U.S. House of Representatives[edit]

Elections[edit]

Midway through her second term in the state senate, Johnson opted to run in the Democratic primary for the newly-created 30th congressional district. She defeated Republican nominee Lucy Cain 72%-25%.[8] In 1994, she defeated Lucy Cain again 73%-26%.[9] In 1996, after her district was significantly redrawn as a result of Bush v. Vera, she won re-election to a third term with just 55% of the vote, the worst election performance of her congressional career. However, this election was held under unusual circumstances. All of the candidates in the race appeared on a single ballot regardless of party, and Johnson faced two other Democrats. Proving just how Democratic this district still was, the three Democrats tallied 73 percent of the vote between them. [10] Johnson has never faced another contest nearly that close, and has been reelected 18 more times with at least 72% of the vote. In the most recent cycle Johnson easily beat two opponents in the Democratic Primary, State Representative Barbara Mallory Caraway and lawyer Taj Clayton, gaining 70% of the vote; she went on to win the general election by a landslide, gaining almost 79% of the votes cast.[11]

Tenure[edit]

The 17th chair of the Congressional Black Caucus, she was a leading voice in opposition to the Authorization for Use of Military Force Against Iraq Resolution of 2002. During debate on the House floor, she stated:

"I am not convinced that giving the President the authority to launch a unilateral, first-strike attack on Iraq is the appropriate course of action at this time. While I believe that under international law and under the authority of our Constitution, the United States must maintain the option to act in its own self-defense, I strongly believe that the administration has not provided evidence of an imminent threat of attack on the United States that would justify a unilateral strike. I also believe that actions alone, without exhausting peaceful options, could seriously harm global support for our war on terrorism and distract our own resources from this cause."[12]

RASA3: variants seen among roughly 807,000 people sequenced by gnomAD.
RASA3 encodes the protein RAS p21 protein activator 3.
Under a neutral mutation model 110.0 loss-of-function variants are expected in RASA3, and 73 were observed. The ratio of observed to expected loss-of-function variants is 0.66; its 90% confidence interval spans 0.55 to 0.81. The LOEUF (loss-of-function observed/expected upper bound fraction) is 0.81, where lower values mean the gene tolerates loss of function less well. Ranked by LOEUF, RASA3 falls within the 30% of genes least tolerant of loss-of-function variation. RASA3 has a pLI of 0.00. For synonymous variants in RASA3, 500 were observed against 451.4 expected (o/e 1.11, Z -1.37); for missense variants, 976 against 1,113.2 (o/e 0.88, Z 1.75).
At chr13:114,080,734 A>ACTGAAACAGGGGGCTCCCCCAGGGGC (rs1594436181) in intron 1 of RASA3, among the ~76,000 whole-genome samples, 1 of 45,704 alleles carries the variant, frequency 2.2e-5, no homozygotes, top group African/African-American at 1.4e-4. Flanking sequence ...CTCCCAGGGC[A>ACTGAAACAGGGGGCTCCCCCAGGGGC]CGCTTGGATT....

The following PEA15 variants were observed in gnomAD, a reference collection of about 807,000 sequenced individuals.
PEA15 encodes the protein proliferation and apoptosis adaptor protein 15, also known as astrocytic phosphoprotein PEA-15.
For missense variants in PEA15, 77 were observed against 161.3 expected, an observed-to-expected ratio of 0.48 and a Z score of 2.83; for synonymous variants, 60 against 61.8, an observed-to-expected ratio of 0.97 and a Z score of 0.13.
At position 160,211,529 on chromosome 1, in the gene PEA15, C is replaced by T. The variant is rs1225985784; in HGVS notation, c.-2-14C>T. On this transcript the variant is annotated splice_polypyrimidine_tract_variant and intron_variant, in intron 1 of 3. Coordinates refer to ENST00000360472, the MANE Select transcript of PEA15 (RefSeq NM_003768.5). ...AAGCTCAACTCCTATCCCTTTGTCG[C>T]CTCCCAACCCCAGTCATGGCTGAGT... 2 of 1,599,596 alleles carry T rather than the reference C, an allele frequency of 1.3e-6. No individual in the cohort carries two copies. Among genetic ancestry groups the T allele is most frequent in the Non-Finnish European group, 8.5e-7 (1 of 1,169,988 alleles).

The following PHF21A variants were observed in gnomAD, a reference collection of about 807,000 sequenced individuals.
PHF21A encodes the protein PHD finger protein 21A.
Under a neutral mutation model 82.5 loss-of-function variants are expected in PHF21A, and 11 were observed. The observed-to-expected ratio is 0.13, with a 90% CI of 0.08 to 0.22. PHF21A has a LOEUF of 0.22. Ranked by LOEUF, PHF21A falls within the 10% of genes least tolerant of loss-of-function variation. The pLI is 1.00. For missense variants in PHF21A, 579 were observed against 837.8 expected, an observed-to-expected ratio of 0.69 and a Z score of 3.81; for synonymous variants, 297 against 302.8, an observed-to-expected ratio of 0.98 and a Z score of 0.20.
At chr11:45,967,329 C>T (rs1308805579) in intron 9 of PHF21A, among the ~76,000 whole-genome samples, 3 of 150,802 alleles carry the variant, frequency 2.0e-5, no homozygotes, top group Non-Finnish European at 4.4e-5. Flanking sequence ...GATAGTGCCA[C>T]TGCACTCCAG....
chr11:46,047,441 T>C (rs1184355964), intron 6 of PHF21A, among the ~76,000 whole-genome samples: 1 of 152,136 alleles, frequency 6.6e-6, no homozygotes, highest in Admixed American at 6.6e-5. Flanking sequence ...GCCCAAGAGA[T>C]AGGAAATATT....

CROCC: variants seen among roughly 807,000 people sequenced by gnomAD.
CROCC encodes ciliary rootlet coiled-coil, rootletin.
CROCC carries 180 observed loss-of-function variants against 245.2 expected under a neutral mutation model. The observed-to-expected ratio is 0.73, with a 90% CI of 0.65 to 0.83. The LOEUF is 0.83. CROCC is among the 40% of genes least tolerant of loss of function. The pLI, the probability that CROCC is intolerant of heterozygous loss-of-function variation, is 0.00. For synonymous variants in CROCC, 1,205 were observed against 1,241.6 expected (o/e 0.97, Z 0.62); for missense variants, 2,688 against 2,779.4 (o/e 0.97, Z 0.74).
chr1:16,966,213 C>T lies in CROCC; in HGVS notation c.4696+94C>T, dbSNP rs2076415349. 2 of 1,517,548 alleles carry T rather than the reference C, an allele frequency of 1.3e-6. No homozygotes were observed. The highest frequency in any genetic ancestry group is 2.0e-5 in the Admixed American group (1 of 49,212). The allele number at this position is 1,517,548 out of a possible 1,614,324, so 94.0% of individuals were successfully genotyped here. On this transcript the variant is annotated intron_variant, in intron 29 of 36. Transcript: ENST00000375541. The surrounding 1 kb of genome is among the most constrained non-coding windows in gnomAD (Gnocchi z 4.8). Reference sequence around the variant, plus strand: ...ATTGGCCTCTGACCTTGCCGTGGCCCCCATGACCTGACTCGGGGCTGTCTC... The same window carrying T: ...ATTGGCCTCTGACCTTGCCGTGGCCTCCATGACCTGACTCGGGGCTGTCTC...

She was one of the 31 who voted in the House against counting the electoral votes from Ohio in the United States presidential election, 2004.[13]

In 2007, Congresswoman Johnson was appointed by House Transportation and Infrastructure Committee Chairman Jim Oberstar (D-MN) to serve as Chairwoman of the Subcommittee on Water Resources and Environment during the 110th and 111th Congresses. She was the first African-American and first female in Congress to hold the position of this Subcommittee Chair. While holding the position of Subcommittee Chair, Congresswoman Johnson sponsored the Water Resources Development Act. She successfully secured and led Congress in overriding President Bush’s veto of it. This was the only veto override during his presidency.[14]

During the 2007 primary campaign, Johnson initially supported U.S. Senator John Edwards for President. After his withdrawal from the race, she pledged her support as a superdelegate to Barack Obama and her district backed Obama heavily in the 2008 election.

Recently, the Congresswoman, along with Rep. Donna Edward (D) proposed a publicly funded park on the moon to mark where the Apollo missions landed between 1969 and 1972.The Apollo Lunar Landing Legacy Act, H.R. 2617, calls for the park to be run jointly by the Department of the Interior and the National Aeronautics and Space Administration (NASA).[15]

Scholarship violations[edit]

In August 2010, Amy Goldson, counsel for the Congressional Black Caucus Foundation, said that Johnson violated organizational rules by awarding scholarship money to four relatives and two children of a top aide. Awards come with an anti-nepotism rule, and winners must live or study in the Congress member's district. Johnson said she "unknowingly" made a mistake in awarding the grants and would work with the foundation to rectify it.[16]

Johnson said, "I recognized the names when I saw them. And I knew that they had a need just like any other kid that would apply for one."

Soon after Johnson denied having involvement in the scholarship process, opponent Stephen Broden released letters bearing Johnson's signature in which the representative requested that the scholarship check be made and sent directly to her relatives instead of to the University as would normally be procedure.[17] Subsequently, the Dallas Morning News ran an editorial questioning her changing story on the matter.[18]

Committees[edit]